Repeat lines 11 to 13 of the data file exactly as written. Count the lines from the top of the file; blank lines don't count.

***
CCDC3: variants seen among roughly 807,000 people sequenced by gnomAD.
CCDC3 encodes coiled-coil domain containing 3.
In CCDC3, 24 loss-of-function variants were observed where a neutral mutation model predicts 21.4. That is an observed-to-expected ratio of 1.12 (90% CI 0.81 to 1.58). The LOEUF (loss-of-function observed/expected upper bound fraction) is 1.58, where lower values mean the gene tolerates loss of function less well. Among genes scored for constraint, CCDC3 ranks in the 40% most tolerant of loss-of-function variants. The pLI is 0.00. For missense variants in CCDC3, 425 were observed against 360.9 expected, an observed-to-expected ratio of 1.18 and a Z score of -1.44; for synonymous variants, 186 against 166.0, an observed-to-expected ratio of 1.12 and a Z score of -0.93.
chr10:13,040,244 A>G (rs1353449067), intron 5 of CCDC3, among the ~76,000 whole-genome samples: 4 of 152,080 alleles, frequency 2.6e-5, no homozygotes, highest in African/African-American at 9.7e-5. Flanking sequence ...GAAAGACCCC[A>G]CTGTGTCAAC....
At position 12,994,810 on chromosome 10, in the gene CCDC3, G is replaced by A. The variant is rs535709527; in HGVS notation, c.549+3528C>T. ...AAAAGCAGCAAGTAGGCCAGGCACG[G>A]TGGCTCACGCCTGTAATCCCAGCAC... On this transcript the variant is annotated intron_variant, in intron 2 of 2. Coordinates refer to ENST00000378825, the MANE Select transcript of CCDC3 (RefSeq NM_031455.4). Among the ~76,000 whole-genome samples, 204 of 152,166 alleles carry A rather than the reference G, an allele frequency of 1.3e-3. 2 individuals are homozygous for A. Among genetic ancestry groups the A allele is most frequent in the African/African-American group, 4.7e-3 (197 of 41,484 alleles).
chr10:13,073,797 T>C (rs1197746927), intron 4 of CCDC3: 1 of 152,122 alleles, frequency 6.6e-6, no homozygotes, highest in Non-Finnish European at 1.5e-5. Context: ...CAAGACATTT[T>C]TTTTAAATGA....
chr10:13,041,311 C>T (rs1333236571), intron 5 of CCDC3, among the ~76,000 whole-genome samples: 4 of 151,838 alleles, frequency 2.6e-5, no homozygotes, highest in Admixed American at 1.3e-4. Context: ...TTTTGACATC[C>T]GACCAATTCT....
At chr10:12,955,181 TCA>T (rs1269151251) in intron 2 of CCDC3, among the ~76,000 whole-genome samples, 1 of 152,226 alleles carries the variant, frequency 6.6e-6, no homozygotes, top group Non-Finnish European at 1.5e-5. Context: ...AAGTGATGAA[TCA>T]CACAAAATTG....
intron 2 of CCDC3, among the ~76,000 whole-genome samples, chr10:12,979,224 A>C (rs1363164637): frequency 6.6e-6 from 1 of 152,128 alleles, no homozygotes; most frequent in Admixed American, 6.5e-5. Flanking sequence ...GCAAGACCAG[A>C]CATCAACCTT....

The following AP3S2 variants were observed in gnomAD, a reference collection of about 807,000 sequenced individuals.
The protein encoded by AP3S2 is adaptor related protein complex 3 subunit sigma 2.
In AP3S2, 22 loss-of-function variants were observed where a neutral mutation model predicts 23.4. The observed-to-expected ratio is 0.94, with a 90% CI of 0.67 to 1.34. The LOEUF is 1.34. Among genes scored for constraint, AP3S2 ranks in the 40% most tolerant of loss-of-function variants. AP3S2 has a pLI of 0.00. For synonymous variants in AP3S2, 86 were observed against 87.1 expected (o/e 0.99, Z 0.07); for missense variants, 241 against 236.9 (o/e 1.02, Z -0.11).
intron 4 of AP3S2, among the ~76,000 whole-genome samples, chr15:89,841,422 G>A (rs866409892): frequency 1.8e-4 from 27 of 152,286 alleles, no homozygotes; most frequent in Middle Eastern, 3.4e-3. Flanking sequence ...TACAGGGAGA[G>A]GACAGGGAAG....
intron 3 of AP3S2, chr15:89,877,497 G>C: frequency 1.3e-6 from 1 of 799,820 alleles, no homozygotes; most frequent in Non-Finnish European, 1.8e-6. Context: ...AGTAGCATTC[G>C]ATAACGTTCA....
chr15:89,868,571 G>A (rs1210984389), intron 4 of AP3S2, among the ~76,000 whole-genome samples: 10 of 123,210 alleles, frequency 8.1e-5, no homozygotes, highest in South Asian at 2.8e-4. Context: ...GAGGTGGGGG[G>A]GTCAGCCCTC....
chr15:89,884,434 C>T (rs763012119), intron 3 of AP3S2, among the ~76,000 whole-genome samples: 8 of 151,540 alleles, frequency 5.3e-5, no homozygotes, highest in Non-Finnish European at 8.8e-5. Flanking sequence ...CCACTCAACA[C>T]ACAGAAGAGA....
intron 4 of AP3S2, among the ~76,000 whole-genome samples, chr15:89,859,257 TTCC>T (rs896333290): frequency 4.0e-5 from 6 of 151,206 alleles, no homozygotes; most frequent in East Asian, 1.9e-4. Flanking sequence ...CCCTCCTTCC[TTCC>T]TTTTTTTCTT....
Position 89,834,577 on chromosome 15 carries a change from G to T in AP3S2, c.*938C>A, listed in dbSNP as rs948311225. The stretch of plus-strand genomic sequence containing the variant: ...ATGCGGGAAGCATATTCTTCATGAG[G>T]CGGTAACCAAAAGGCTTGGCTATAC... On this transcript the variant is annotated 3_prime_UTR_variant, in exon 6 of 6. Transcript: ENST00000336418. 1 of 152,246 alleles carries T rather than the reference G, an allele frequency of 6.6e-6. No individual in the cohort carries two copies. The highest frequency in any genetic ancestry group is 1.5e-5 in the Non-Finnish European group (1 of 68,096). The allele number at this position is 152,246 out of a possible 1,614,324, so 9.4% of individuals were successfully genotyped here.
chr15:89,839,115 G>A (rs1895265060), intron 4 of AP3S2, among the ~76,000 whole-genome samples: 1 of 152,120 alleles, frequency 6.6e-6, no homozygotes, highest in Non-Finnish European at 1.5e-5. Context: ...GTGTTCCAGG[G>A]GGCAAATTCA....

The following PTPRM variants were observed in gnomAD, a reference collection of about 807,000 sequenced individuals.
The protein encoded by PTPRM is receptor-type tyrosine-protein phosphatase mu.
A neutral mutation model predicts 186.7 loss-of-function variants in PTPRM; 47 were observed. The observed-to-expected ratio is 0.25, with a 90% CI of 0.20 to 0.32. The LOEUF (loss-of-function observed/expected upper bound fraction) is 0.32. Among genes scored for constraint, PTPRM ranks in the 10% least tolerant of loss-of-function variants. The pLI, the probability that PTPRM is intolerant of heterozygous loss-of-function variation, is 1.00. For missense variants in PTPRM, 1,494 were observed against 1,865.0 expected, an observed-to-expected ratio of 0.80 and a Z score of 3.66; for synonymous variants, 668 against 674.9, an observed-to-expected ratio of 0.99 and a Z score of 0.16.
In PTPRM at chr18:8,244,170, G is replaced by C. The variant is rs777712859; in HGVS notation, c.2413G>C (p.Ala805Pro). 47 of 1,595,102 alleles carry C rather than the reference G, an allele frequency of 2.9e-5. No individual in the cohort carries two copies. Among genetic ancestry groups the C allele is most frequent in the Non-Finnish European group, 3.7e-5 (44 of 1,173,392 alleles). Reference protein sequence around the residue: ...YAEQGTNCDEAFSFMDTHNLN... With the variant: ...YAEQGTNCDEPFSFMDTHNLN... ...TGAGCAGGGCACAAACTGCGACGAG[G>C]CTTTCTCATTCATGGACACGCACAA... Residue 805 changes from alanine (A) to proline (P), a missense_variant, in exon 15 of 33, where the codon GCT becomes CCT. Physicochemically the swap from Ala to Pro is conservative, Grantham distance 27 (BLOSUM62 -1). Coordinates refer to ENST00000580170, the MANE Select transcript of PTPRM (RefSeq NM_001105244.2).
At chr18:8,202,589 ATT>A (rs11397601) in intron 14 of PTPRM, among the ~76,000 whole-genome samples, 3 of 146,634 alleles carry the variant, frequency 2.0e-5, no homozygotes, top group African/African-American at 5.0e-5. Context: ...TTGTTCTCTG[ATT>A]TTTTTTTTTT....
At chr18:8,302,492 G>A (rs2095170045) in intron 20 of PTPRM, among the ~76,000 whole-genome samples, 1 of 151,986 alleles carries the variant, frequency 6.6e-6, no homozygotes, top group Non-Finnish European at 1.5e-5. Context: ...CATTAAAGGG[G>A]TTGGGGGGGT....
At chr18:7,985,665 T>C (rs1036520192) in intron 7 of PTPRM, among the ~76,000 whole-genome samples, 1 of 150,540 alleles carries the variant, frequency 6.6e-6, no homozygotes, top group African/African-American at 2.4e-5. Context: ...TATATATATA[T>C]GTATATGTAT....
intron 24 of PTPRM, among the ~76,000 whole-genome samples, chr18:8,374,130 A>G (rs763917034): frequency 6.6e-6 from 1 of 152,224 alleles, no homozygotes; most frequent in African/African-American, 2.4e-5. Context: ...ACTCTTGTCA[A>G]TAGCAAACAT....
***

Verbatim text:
The protein encoded by AP3S2 is adaptor related protein complex 3 subunit sigma 2.
In AP3S2, 22 loss-of-function variants were observed where a neutral mutation model predicts 23.4. The observed-to-expected ratio is 0.94, with a 90% CI of 0.67 to 1.34. The LOEUF is 1.34. Among genes scored for constraint, AP3S2 ranks in the 40% most tolerant of loss-of-function variants. AP3S2 has a pLI of 0.00. For synonymous variants in AP3S2, 86 were observed against 87.1 expected (o/e 0.99, Z 0.07); for missense variants, 241 against 236.9 (o/e 1.02, Z -0.11).
intron 4 of AP3S2, among the ~76,000 whole-genome samples, chr15:89,841,422 G>A (rs866409892): frequency 1.8e-4 from 27 of 152,286 alleles, no homozygotes; most frequent in Middle Eastern, 3.4e-3. Flanking sequence ...TACAGGGAGA[G>A]GACAGGGAAG....